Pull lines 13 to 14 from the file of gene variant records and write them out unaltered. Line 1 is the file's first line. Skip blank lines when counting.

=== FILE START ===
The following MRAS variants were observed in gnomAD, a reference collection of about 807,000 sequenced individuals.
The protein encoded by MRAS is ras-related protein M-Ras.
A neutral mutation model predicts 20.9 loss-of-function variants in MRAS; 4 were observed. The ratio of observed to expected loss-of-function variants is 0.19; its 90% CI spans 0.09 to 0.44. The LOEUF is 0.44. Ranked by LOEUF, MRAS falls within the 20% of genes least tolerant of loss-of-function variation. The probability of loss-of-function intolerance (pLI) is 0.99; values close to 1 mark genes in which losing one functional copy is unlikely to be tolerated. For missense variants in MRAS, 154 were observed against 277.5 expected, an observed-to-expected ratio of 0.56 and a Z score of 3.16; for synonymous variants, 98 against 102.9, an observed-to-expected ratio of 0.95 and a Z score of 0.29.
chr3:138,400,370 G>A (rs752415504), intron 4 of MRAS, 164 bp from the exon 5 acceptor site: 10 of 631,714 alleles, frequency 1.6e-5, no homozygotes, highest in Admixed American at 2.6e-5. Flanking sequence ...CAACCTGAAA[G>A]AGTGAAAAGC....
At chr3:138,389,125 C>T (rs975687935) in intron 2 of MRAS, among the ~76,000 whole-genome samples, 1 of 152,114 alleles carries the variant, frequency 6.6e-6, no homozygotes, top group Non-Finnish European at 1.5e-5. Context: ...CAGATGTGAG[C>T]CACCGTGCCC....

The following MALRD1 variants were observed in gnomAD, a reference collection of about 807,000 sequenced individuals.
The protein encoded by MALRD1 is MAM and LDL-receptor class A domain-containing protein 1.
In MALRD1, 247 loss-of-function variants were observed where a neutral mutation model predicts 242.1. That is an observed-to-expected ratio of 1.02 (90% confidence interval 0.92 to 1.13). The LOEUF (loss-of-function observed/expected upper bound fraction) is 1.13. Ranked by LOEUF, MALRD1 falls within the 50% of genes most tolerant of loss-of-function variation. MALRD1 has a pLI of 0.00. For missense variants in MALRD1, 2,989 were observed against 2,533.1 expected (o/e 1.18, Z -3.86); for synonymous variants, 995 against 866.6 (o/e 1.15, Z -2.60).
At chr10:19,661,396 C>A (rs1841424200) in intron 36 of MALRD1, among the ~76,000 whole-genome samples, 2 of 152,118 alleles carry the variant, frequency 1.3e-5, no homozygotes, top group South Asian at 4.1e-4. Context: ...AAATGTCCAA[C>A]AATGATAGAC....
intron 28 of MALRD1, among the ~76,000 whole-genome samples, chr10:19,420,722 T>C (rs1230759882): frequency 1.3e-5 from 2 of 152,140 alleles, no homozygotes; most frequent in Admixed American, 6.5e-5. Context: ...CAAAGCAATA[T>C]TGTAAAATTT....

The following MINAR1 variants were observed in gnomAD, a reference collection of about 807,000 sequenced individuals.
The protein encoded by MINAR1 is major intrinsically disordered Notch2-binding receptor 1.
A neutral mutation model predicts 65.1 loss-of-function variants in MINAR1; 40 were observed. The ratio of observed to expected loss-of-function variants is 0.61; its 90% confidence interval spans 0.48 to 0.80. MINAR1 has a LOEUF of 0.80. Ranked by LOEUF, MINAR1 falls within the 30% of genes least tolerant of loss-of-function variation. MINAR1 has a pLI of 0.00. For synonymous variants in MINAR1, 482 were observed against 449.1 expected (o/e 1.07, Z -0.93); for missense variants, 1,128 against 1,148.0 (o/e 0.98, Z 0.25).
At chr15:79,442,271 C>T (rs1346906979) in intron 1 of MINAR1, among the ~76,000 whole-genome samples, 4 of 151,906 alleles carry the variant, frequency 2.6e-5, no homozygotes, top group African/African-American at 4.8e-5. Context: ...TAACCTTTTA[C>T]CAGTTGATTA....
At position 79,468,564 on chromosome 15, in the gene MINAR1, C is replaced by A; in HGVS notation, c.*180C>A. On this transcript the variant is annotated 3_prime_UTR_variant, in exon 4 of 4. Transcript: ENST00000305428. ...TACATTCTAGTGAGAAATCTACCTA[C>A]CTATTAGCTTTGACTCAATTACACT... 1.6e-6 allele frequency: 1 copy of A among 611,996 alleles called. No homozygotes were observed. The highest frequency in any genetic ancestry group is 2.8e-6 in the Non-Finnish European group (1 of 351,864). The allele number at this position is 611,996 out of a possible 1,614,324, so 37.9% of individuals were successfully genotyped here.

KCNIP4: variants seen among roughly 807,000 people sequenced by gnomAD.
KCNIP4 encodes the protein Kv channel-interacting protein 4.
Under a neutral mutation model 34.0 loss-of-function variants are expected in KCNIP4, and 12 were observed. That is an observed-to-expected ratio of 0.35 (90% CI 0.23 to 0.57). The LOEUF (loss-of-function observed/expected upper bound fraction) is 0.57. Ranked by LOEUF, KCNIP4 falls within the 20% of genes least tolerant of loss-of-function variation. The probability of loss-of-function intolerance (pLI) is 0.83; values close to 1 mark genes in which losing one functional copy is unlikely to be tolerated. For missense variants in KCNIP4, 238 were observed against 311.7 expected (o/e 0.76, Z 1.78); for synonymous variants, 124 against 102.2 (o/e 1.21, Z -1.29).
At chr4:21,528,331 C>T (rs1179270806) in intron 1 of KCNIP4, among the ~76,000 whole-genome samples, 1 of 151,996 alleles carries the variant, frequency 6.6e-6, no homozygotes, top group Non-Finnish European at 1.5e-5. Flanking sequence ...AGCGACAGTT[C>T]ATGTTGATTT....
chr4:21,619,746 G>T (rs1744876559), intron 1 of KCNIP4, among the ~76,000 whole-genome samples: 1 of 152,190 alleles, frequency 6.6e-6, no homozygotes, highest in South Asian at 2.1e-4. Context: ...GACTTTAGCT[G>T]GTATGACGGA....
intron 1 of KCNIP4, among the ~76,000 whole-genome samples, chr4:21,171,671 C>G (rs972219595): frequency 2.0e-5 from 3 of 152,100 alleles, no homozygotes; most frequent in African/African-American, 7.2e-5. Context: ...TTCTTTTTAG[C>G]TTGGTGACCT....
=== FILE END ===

A neutral mutation model predicts 65.1 loss-of-function variants in MINAR1; 40 were observed. The ratio of observed to expected loss-of-function variants is 0.61; its 90% confidence interval spans 0.48 to 0.80. MINAR1 has a LOEUF of 0.80. Ranked by LOEUF, MINAR1 falls within the 30% of genes least tolerant of loss-of-function variation. MINAR1 has a pLI of 0.00. For synonymous variants in MINAR1, 482 were observed against 449.1 expected (o/e 1.07, Z -0.93); for missense variants, 1,128 against 1,148.0 (o/e 0.98, Z 0.25).
At chr15:79,442,271 C>T (rs1346906979) in intron 1 of MINAR1, among the ~76,000 whole-genome samples, 4 of 151,906 alleles carry the variant, frequency 2.6e-5, no homozygotes, top group African/African-American at 4.8e-5. Context: ...TAACCTTTTA[C>T]CAGTTGATTA....